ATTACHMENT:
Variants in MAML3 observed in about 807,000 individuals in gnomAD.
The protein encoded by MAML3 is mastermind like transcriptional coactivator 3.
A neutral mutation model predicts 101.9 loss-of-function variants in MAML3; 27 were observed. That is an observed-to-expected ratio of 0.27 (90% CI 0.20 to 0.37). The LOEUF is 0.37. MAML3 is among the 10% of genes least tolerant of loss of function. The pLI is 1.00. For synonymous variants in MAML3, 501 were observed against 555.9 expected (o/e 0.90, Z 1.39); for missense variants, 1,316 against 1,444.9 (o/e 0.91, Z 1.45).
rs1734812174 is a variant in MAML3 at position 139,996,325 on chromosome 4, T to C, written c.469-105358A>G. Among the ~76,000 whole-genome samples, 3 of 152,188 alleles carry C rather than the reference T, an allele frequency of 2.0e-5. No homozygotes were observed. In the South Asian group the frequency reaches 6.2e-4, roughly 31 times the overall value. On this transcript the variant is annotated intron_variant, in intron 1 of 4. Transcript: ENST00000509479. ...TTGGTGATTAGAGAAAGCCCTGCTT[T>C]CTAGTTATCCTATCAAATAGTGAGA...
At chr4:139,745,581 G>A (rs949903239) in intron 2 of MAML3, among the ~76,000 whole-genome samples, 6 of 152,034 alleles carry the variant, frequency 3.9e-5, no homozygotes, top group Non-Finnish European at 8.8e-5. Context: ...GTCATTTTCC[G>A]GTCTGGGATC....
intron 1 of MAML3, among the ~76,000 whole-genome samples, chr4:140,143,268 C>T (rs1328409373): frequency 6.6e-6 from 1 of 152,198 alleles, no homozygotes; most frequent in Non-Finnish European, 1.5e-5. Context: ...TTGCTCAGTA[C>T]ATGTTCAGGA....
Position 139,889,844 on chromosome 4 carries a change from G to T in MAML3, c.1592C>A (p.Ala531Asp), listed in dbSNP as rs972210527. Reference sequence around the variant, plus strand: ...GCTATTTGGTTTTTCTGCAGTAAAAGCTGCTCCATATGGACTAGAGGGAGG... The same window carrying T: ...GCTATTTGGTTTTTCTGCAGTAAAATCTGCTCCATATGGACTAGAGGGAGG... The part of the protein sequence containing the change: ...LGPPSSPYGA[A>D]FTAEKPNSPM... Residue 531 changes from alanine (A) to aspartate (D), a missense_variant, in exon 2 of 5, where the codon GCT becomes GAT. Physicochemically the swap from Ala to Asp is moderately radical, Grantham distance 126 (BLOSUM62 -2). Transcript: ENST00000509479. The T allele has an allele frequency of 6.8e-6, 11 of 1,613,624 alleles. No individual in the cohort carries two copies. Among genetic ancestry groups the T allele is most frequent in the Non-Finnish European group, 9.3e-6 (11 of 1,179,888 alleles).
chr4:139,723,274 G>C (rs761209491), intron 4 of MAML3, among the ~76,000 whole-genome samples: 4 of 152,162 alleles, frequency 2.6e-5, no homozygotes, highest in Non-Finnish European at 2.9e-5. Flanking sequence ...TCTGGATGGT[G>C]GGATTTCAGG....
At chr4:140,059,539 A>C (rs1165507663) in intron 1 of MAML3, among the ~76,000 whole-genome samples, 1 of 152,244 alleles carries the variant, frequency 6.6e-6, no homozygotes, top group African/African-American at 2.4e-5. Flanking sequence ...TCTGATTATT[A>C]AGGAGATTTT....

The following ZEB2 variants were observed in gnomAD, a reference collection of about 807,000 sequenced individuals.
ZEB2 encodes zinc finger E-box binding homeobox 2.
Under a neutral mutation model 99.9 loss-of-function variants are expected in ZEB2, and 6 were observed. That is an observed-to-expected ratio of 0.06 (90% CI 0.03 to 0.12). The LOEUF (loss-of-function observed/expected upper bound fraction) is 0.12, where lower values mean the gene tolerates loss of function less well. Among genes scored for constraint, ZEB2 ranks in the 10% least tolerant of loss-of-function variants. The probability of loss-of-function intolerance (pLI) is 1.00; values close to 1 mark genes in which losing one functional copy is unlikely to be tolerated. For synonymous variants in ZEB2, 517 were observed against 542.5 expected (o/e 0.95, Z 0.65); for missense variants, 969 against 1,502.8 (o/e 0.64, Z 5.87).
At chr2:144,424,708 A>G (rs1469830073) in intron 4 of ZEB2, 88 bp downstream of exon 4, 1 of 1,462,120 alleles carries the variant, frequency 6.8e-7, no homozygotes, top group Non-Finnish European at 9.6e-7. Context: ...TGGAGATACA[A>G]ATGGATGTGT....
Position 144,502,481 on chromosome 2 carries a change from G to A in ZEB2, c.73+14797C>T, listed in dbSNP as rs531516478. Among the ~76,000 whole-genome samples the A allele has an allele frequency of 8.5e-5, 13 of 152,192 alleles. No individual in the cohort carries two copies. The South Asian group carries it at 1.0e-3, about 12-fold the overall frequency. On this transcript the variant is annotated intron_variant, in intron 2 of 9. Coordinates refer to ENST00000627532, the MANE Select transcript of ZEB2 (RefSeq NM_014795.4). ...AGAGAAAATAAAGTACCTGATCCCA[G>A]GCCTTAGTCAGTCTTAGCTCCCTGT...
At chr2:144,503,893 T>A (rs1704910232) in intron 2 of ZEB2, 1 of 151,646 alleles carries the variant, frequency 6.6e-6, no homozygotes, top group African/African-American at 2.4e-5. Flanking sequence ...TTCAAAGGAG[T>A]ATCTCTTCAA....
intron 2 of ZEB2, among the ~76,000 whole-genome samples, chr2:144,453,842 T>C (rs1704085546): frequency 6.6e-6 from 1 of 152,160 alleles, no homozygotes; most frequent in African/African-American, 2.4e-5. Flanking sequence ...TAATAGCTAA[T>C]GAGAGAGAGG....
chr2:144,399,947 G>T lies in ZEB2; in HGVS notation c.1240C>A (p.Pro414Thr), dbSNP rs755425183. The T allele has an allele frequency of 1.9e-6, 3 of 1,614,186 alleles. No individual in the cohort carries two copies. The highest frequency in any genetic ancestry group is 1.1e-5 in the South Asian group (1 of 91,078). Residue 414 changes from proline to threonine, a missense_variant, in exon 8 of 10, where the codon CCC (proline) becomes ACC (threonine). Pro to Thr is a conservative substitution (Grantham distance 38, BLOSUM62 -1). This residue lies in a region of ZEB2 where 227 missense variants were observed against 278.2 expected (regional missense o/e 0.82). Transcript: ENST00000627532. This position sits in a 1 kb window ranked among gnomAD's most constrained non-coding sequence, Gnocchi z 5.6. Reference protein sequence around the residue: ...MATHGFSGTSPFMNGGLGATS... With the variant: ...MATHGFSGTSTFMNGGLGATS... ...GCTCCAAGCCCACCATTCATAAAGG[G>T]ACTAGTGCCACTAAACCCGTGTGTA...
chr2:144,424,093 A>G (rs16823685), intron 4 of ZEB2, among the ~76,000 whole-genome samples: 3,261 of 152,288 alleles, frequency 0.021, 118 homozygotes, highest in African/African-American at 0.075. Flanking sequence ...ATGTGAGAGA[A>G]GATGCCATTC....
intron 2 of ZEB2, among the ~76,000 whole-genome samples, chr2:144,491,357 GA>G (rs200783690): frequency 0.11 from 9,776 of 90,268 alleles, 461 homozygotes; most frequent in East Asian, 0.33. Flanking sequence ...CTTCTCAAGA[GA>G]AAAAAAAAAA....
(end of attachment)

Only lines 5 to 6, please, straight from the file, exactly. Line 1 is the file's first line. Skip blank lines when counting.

At chr4:139,745,581 G>A (rs949903239) in intron 2 of MAML3, among the ~76,000 whole-genome samples, 6 of 152,034 alleles carry the variant, frequency 3.9e-5, no homozygotes, top group Non-Finnish European at 8.8e-5. Context: ...GTCATTTTCC[G>A]GTCTGGGATC....
intron 1 of MAML3, among the ~76,000 whole-genome samples, chr4:140,143,268 C>T (rs1328409373): frequency 6.6e-6 from 1 of 152,198 alleles, no homozygotes; most frequent in Non-Finnish European, 1.5e-5. Context: ...TTGCTCAGTA[C>T]ATGTTCAGGA....